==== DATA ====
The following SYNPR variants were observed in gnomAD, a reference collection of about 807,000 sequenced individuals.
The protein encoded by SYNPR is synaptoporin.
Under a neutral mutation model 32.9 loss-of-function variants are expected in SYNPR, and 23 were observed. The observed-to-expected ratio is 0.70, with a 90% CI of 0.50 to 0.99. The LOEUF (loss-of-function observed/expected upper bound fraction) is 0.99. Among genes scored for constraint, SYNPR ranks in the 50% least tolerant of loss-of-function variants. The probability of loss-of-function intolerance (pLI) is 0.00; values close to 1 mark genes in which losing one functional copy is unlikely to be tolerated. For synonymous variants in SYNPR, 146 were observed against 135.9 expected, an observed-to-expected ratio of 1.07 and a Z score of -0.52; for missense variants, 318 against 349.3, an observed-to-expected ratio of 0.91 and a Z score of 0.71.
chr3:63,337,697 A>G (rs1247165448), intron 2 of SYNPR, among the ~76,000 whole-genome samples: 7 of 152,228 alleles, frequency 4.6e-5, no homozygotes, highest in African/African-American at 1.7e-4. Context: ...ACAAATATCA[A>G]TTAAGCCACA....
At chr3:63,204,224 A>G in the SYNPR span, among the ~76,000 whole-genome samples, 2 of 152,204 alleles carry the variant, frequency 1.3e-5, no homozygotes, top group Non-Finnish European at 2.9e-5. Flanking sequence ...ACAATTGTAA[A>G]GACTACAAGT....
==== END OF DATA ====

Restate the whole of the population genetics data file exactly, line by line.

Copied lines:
The following SYNPR variants were observed in gnomAD, a reference collection of about 807,000 sequenced individuals.
The protein encoded by SYNPR is synaptoporin.
Under a neutral mutation model 32.9 loss-of-function variants are expected in SYNPR, and 23 were observed. The observed-to-expected ratio is 0.70, with a 90% CI of 0.50 to 0.99. The LOEUF (loss-of-function observed/expected upper bound fraction) is 0.99. Among genes scored for constraint, SYNPR ranks in the 50% least tolerant of loss-of-function variants. The probability of loss-of-function intolerance (pLI) is 0.00; values close to 1 mark genes in which losing one functional copy is unlikely to be tolerated. For synonymous variants in SYNPR, 146 were observed against 135.9 expected, an observed-to-expected ratio of 1.07 and a Z score of -0.52; for missense variants, 318 against 349.3, an observed-to-expected ratio of 0.91 and a Z score of 0.71.
chr3:63,337,697 A>G (rs1247165448), intron 2 of SYNPR, among the ~76,000 whole-genome samples: 7 of 152,228 alleles, frequency 4.6e-5, no homozygotes, highest in African/African-American at 1.7e-4. Context: ...ACAAATATCA[A>G]TTAAGCCACA....
At chr3:63,204,224 A>G in the SYNPR span, among the ~76,000 whole-genome samples, 2 of 152,204 alleles carry the variant, frequency 1.3e-5, no homozygotes, top group Non-Finnish European at 2.9e-5. Flanking sequence ...ACAATTGTAA[A>G]GACTACAAGT....